January can often usher in a commitment to do it different or better, even to take on more, but with this drive often comes a dash of existential angst. And, if you happen to experience the winter months in extra cold weather, it can further deepen the crevasse between what you want and what you have, causing you (I mean me) to take a kind of personal inventory.
If youâ€™re reading this, youâ€™ve lived long enough to know that life can be shorter than we might have thought and different than we could have predicted.
The time is nowâ€¦is a recurring theme.
So it was at about mid-December, amid all the holiday dÃ©cor, toast-making and reassuring traditions that I started to ask myselfâ€¦
Am I taking enough risk, or settled and complacent?
Are things vibrant and fierce or muted and dull?
Do I need a cold splash of water over my entire being?
In other words, am I too comfortable?
It occurred to me that I have done the stuff Iâ€™m most proud of when Iâ€™ve been pretty uncomfortable.
Telling the truth.
With sub zero temps outside my window, I donâ€™t have to look far for a little discomfort. Which got me thinkingâ€¦
Most of us dwell in lives where weâ€™re warm when we want to be, cold when we need to be, fed when we feel like it and distractedâ€¦on demand. Assuming chronic pain or crisis isnâ€™t part of your immediate reality, comfort is mostly within armâ€™s reach.
Which is why any discomfort â€“ physical, emotional – is almost always a shock to our systems, a place we flee rather than seek. Yet, being out of comfort is often precisely what provokes good work that we wouldnâ€™t produce otherwise. Iâ€™m starting to think that for as much as Iâ€™ve tended to my personal care rituals, there may be equal mileage in finding or embracing some discomfort; withstanding what I donâ€™t think I can stand.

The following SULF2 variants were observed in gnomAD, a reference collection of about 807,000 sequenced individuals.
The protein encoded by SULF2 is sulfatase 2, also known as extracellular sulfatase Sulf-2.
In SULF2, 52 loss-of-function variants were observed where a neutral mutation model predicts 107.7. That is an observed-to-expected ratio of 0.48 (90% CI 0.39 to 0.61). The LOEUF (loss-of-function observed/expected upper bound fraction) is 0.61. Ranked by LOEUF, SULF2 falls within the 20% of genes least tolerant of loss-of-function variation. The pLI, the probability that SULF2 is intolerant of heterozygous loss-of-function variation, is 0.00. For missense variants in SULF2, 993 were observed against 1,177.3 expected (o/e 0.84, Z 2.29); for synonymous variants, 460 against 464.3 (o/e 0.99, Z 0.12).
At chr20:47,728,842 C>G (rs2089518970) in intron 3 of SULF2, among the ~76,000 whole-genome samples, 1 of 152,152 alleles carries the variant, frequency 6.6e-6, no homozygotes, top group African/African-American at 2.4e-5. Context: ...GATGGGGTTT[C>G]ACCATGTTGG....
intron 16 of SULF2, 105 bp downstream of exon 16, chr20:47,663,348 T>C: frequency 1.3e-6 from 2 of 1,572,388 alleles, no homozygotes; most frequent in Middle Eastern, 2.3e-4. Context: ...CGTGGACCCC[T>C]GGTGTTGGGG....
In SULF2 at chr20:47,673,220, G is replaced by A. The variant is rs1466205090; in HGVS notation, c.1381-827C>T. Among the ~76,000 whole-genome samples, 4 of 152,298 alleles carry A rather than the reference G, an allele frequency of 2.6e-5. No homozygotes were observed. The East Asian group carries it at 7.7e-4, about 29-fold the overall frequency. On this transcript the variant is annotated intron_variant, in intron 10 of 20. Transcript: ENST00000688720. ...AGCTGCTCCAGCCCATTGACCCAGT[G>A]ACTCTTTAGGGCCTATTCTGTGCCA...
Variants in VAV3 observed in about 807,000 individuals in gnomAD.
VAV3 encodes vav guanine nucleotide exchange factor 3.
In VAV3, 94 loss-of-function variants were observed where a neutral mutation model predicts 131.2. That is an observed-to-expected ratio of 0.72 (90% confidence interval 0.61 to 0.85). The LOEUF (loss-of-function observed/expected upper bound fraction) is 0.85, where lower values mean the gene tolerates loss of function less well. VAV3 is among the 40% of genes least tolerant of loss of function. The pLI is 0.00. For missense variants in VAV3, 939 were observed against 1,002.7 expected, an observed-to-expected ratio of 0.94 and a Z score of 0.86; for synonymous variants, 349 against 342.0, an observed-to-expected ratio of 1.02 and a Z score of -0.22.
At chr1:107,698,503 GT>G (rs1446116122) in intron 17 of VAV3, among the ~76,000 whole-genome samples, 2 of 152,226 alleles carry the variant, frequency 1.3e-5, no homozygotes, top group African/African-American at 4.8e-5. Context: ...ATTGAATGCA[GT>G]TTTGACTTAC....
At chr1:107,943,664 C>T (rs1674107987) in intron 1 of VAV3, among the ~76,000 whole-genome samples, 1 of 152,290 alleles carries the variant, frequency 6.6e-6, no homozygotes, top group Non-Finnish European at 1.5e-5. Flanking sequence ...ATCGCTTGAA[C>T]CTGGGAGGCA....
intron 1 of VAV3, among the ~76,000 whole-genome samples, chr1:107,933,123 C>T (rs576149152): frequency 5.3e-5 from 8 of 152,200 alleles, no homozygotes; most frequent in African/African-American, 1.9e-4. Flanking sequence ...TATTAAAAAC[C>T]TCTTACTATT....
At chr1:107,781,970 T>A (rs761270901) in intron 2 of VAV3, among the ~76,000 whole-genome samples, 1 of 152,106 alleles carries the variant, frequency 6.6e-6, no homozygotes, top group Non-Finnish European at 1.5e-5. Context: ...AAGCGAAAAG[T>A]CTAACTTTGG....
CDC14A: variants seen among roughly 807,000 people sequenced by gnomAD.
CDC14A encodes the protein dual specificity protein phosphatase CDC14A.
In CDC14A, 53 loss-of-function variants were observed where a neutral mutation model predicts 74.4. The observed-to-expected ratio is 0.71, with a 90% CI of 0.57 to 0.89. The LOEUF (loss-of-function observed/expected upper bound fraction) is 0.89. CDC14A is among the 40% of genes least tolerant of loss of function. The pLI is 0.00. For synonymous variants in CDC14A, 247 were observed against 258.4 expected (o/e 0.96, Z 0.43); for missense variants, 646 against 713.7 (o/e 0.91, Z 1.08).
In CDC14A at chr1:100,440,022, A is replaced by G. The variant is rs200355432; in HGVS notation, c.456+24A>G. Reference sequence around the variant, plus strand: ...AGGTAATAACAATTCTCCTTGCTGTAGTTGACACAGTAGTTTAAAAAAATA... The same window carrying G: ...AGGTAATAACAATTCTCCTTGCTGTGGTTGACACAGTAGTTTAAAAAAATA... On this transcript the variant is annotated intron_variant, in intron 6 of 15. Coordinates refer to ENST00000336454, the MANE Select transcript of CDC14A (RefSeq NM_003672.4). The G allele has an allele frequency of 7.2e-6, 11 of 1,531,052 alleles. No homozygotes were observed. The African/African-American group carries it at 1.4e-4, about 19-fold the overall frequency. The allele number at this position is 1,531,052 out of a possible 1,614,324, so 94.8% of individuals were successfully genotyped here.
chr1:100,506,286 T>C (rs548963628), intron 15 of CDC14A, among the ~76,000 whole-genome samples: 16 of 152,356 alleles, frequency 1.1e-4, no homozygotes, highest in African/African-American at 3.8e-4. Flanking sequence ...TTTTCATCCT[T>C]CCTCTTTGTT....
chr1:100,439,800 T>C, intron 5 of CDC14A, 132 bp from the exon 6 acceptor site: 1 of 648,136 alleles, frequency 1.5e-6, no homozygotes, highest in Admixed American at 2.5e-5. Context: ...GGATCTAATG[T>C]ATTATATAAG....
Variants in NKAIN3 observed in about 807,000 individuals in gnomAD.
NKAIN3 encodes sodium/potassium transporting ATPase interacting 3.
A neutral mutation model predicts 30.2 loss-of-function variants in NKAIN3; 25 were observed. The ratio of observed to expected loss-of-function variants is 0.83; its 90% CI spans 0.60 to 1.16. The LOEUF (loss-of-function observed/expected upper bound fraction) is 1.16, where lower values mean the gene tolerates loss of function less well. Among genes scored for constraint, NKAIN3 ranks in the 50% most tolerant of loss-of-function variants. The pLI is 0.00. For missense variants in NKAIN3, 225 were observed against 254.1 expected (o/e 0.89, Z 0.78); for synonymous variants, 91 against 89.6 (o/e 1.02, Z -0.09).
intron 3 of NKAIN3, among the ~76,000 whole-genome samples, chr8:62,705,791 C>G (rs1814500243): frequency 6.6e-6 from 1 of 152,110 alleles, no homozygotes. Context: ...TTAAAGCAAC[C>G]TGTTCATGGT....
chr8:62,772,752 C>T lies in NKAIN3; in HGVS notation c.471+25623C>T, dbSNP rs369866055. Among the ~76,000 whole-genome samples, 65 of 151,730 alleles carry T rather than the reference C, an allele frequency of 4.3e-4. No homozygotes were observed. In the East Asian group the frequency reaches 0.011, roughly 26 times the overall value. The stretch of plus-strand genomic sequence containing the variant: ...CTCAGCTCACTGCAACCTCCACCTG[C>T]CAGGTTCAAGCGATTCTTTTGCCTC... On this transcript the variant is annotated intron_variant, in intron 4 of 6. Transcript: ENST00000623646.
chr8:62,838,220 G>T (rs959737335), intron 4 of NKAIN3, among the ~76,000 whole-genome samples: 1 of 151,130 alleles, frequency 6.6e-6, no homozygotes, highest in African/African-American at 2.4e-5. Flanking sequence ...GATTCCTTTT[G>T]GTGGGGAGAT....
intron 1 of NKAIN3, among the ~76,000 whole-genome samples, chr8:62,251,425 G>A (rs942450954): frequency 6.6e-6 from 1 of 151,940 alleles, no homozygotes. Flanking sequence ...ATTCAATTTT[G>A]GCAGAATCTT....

If you follow Wim Hof (whose disciples include Tim Ferris, Tony Robbins and Dean Karnazes) you probably know about ice baths â€“ or at the very least â€“ cold showers. The wisdom behind cold exposure is that our â€œevolutionâ€ has made us less tolerant of the elements, and therefore more susceptible to disease and depression. Our wild, ancient human has been lost. Technically, cold-water submersion is one of a handful of practices that reconditions the hypothalamus to be more adaptive and resilient. The ability to tolerate healthy but difficult environments sharpens the senses and grows capacity, radically changing how we regard our own strengths. All of this, of course, tends to create higher performance. And toughness.
But this isnâ€™t about ice baths or becoming harder. Itâ€™s about the dozens of opportunities that already exist in life that have us contracting or flinching, that we discard or escape â€“ thinking theyâ€™re bad (at worst) or not useful (at best.) But what if weâ€™re missing an opportunity? What if we could stay in the moment, feel the feelings, witness the unease, hunger, pain, and restlessness â€“ whatever sensation descends – instead of getting out? Why not instead, go in?
Pushing physical (or other) limits to build emotional resiliency is not a new idea, but I like it as a mission, for this year especially, as I take on a fresh set of projects and some realignment on personal goals.
But how do we make the uncomfortable more of a natural habitat?
Iâ€™m taking cold showers. And I sat in the snow and took 30 breaths in a tank top the other day. Iâ€™m resisting the urge to look at my device when an answer eludes me, because I see that itâ€™s an avoidance technique for discomfort. Iâ€™m breathing when I feel like clenching. Iâ€™m staying in the pose.
With discomfort comes expansion.
With expansion comes space; it widens the margins, makes more room.
I want that even if my bare feet have to touch the ice to find it. And yes, there are many other ways! But cold has a hold on me. Confronting and embracing it is right outside my door.
Letâ€™s not avoid the things that grip us.
Maybe their existence is the invitation we need to be most awake.